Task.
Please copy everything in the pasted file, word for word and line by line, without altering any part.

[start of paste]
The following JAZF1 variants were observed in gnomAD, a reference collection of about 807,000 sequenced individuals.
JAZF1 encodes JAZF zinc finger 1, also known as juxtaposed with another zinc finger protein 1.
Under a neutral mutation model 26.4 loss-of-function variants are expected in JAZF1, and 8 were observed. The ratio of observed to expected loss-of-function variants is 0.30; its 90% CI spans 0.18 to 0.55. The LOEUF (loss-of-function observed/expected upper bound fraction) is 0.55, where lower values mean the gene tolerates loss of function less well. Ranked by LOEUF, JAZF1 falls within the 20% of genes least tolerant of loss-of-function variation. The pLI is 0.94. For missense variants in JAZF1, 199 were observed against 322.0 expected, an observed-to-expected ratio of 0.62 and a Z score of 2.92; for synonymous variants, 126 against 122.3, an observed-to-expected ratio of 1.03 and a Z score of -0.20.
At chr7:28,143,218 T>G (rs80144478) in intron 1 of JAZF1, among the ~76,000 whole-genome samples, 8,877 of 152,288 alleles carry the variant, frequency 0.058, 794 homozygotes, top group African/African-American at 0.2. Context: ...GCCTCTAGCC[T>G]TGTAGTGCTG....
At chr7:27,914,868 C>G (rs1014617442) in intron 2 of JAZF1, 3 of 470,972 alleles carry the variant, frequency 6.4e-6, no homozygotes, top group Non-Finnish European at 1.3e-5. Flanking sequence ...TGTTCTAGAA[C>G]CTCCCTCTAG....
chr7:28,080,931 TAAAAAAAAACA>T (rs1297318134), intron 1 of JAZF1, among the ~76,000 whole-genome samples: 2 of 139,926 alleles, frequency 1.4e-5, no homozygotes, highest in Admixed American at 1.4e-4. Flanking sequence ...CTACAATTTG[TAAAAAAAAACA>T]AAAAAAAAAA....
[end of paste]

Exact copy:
The following JAZF1 variants were observed in gnomAD, a reference collection of about 807,000 sequenced individuals.
JAZF1 encodes JAZF zinc finger 1, also known as juxtaposed with another zinc finger protein 1.
Under a neutral mutation model 26.4 loss-of-function variants are expected in JAZF1, and 8 were observed. The ratio of observed to expected loss-of-function variants is 0.30; its 90% CI spans 0.18 to 0.55. The LOEUF (loss-of-function observed/expected upper bound fraction) is 0.55, where lower values mean the gene tolerates loss of function less well. Ranked by LOEUF, JAZF1 falls within the 20% of genes least tolerant of loss-of-function variation. The pLI is 0.94. For missense variants in JAZF1, 199 were observed against 322.0 expected, an observed-to-expected ratio of 0.62 and a Z score of 2.92; for synonymous variants, 126 against 122.3, an observed-to-expected ratio of 1.03 and a Z score of -0.20.
At chr7:28,143,218 T>G (rs80144478) in intron 1 of JAZF1, among the ~76,000 whole-genome samples, 8,877 of 152,288 alleles carry the variant, frequency 0.058, 794 homozygotes, top group African/African-American at 0.2. Context: ...GCCTCTAGCC[T>G]TGTAGTGCTG....
At chr7:27,914,868 C>G (rs1014617442) in intron 2 of JAZF1, 3 of 470,972 alleles carry the variant, frequency 6.4e-6, no homozygotes, top group Non-Finnish European at 1.3e-5. Flanking sequence ...TGTTCTAGAA[C>G]CTCCCTCTAG....
chr7:28,080,931 TAAAAAAAAACA>T (rs1297318134), intron 1 of JAZF1, among the ~76,000 whole-genome samples: 2 of 139,926 alleles, frequency 1.4e-5, no homozygotes, highest in Admixed American at 1.4e-4. Flanking sequence ...CTACAATTTG[TAAAAAAAAACA>T]AAAAAAAAAA....